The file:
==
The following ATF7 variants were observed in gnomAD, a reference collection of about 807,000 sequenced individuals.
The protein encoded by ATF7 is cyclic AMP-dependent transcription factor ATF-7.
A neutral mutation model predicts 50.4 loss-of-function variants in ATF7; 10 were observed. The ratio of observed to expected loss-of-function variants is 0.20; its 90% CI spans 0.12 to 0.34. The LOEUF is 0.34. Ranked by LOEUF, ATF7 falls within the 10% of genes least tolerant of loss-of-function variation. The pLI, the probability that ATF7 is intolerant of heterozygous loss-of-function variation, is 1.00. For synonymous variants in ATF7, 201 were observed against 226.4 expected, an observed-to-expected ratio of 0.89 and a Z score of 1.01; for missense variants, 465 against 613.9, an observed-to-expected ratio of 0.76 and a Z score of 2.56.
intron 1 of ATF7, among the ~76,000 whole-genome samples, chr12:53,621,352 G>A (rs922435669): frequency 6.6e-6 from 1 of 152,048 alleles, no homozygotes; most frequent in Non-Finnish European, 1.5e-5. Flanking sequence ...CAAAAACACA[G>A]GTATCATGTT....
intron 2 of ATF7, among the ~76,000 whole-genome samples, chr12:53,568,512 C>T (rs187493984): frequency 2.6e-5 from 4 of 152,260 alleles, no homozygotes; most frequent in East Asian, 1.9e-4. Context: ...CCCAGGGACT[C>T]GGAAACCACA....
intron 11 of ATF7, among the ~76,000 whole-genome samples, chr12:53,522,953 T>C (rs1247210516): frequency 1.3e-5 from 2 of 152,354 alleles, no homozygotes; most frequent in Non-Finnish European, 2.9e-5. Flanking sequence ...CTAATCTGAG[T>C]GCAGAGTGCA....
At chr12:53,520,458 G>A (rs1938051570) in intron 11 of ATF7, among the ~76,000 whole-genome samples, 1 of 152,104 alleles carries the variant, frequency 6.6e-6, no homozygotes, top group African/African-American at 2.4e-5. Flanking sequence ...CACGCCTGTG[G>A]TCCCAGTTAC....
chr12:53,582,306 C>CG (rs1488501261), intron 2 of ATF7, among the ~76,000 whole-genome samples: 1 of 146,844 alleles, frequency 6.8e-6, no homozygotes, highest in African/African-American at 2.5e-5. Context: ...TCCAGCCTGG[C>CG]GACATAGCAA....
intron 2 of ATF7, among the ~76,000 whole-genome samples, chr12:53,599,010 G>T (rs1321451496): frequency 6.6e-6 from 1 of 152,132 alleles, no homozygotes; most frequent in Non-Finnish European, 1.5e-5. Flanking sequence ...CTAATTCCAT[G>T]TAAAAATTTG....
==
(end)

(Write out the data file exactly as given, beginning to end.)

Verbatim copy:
The following ATF7 variants were observed in gnomAD, a reference collection of about 807,000 sequenced individuals.
The protein encoded by ATF7 is cyclic AMP-dependent transcription factor ATF-7.
A neutral mutation model predicts 50.4 loss-of-function variants in ATF7; 10 were observed. The ratio of observed to expected loss-of-function variants is 0.20; its 90% CI spans 0.12 to 0.34. The LOEUF is 0.34. Ranked by LOEUF, ATF7 falls within the 10% of genes least tolerant of loss-of-function variation. The pLI, the probability that ATF7 is intolerant of heterozygous loss-of-function variation, is 1.00. For synonymous variants in ATF7, 201 were observed against 226.4 expected, an observed-to-expected ratio of 0.89 and a Z score of 1.01; for missense variants, 465 against 613.9, an observed-to-expected ratio of 0.76 and a Z score of 2.56.
intron 1 of ATF7, among the ~76,000 whole-genome samples, chr12:53,621,352 G>A (rs922435669): frequency 6.6e-6 from 1 of 152,048 alleles, no homozygotes; most frequent in Non-Finnish European, 1.5e-5. Flanking sequence ...CAAAAACACA[G>A]GTATCATGTT....
intron 2 of ATF7, among the ~76,000 whole-genome samples, chr12:53,568,512 C>T (rs187493984): frequency 2.6e-5 from 4 of 152,260 alleles, no homozygotes; most frequent in East Asian, 1.9e-4. Context: ...CCCAGGGACT[C>T]GGAAACCACA....
intron 11 of ATF7, among the ~76,000 whole-genome samples, chr12:53,522,953 T>C (rs1247210516): frequency 1.3e-5 from 2 of 152,354 alleles, no homozygotes; most frequent in Non-Finnish European, 2.9e-5. Flanking sequence ...CTAATCTGAG[T>C]GCAGAGTGCA....
At chr12:53,520,458 G>A (rs1938051570) in intron 11 of ATF7, among the ~76,000 whole-genome samples, 1 of 152,104 alleles carries the variant, frequency 6.6e-6, no homozygotes, top group African/African-American at 2.4e-5. Flanking sequence ...CACGCCTGTG[G>A]TCCCAGTTAC....
chr12:53,582,306 C>CG (rs1488501261), intron 2 of ATF7, among the ~76,000 whole-genome samples: 1 of 146,844 alleles, frequency 6.8e-6, no homozygotes, highest in African/African-American at 2.5e-5. Context: ...TCCAGCCTGG[C>CG]GACATAGCAA....
intron 2 of ATF7, among the ~76,000 whole-genome samples, chr12:53,599,010 G>T (rs1321451496): frequency 6.6e-6 from 1 of 152,132 alleles, no homozygotes; most frequent in Non-Finnish European, 1.5e-5. Flanking sequence ...CTAATTCCAT[G>T]TAAAAATTTG....